BioDelivery Sciences International has added $20.7 million to its coffers as the specialty pharmaceutical company prepares for the commercial launch of its opioid addiction treatment.
BioDelivery’s opioid addiction treatment is not a new drug, rather, it’s a new way to deliver old drugs used for treating opioid addiction and deterring abuse. The company’s product, Bunavail, administers buprenorphine and naloxone via a small piece of dissolvable film placed on the inside of the cheek. BioDelivery has already commercialized a cancer pain treatment administered using the same proprietary drug-delivery technology. The FDA approved Bunavail nearly a year ago.
The buprenorphine and naloxone combination is currently available in the dissolvable film product Suboxone. That product, developed by Reckitt Benckiser and now sold by Indivior (LON: INDV), which spun off from Reckitt Benckiser in late 2014, is administered by placing the film under the tongue. Indivior’s more than $1 billion in 2014 Suboxone sales makes it the market leader for opioid addiction treatments. But the company’s market share slipped from 67 percent in 2013 to 58 percent in 2014, due to competition from generic tablets that also work by being placed under the tongue. BioDelivery’s Bunavail will offer yet another alternative, which the company says brings the additional advantage of dissolving more quickly while also avoiding an unpleasant taste that some patients report from the current slate of dissolvable opioid addiction products.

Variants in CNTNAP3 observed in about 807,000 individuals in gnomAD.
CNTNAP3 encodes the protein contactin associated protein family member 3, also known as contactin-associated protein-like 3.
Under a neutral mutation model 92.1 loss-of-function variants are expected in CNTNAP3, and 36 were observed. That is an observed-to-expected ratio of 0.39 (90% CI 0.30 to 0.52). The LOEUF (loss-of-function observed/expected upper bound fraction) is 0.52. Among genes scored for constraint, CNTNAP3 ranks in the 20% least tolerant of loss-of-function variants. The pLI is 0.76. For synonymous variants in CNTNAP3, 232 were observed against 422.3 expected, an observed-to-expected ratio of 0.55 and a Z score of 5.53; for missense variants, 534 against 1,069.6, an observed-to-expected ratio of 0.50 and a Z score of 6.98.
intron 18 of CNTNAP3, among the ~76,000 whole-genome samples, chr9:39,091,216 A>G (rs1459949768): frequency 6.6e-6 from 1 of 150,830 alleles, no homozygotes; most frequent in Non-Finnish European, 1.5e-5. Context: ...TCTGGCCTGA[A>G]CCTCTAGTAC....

In addition to securing more capital, BioDelivery has taken other steps to prepare for the launch of its drug. The company announced last week the hiring of sales and marketing managers from Salix Pharmaceuticals, a Raleigh company that was acquired in April by Valeant Pharmaceuticals (NYSE: VRX). BioDelivery has also taken on some sales managers from Durham, NC-based Quintiles (NYSE: Q), the pharmaceutical services company contracted to handle sales.
BioDelivery initially secured a $20 million loan facility with MidCap in 2013. That loan has been paid down to approximately $9.3 million.